Peter Cormier  * lives in Detroit, MI

Ben Cotts  received his PhD in physical chemistry from UC Berkeley in 2016. He currently works at Middlebury College as a professor of Chemistry. He has made it through pandemic with bread baking and board games. Ben recently moved to Middlebury, Vermont to start a new chapter with his partner Emery, and in the future, plans on living and teaching in Vermont and getting dogs to walk around the countryside with him.

Daniel Cremons  received his PhD in Materials Science from the University of Minnesota in 2017. Since 2020, he has worked as a research scientist at the NASA Goddard Space Flight Center. A highlight from the last few years was having his project be sent to the lunar surface. Daniel hopes to continue working at NASA in the future. He lives in Silver Spring, MD, with spouse Julia ‘11 and 1-year-old daughter Elizabeth.

John Davis, IV  * lives in Bloomington, IN

Nolly (Gibbs) Donahoe  * lives in Pittsburgh, PA

Sara Doyle  * lives in Madison, WI

Kenneth Ellis-Guardiola  * lives in Los Angeles, CA

Anna Gallagher  received her MS in Environmental Engineering from UC Berkeley in 2017. She recently started a job as an Environmental Health Engineer at the Vermont Department of Health. She works to understand and address water quality issues that affect the health of residents around the state. Anna moved back to Burlington, VT earlier this year, where she lives with her spouse John ‘09.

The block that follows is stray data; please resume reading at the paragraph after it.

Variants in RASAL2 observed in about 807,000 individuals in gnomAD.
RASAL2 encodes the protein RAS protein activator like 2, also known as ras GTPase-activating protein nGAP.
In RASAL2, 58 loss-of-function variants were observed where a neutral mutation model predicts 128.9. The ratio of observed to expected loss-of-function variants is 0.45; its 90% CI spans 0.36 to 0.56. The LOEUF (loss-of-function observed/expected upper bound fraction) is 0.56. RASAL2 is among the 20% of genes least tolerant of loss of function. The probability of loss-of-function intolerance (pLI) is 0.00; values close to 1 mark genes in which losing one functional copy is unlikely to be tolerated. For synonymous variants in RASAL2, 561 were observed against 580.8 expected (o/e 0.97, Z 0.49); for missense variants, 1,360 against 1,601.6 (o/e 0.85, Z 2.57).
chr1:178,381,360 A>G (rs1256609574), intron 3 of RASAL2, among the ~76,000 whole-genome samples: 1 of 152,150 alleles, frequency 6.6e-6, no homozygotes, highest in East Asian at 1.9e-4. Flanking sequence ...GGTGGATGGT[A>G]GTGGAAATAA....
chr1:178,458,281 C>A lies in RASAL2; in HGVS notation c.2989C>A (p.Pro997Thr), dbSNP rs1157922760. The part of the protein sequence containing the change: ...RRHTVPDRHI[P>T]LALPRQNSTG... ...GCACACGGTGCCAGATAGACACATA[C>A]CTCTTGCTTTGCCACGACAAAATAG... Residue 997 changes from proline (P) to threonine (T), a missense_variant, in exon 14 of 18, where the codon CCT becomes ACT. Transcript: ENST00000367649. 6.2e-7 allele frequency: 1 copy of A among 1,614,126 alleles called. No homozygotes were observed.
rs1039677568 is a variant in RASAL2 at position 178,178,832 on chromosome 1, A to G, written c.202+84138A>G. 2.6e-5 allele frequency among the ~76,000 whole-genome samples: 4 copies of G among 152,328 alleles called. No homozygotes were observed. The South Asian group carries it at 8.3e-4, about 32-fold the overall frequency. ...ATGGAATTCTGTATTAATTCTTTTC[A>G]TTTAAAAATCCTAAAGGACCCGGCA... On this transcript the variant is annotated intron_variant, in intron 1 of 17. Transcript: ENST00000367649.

Martin Granick  received his DVM in 2017 and his DACVIM in 2021, both from the University of Wisconsin. Since completing his small animal internal medicine residency at the University of Wisconsin in 2021, Martin has worked as a Staff Internist at the Red Bank Veterinary Hospital. In addition to completing his residency, he got engaged in the summer of 2021. In the future, Martin plans to continue clinical duties and teaching at Red Bank Veterinary Hospital. He also wants to learn sign language and start working with the deaf/mute community in the area. Martin currently lives in Highlands, NJ.

Jeremy Grevet  * lives in Boston, MA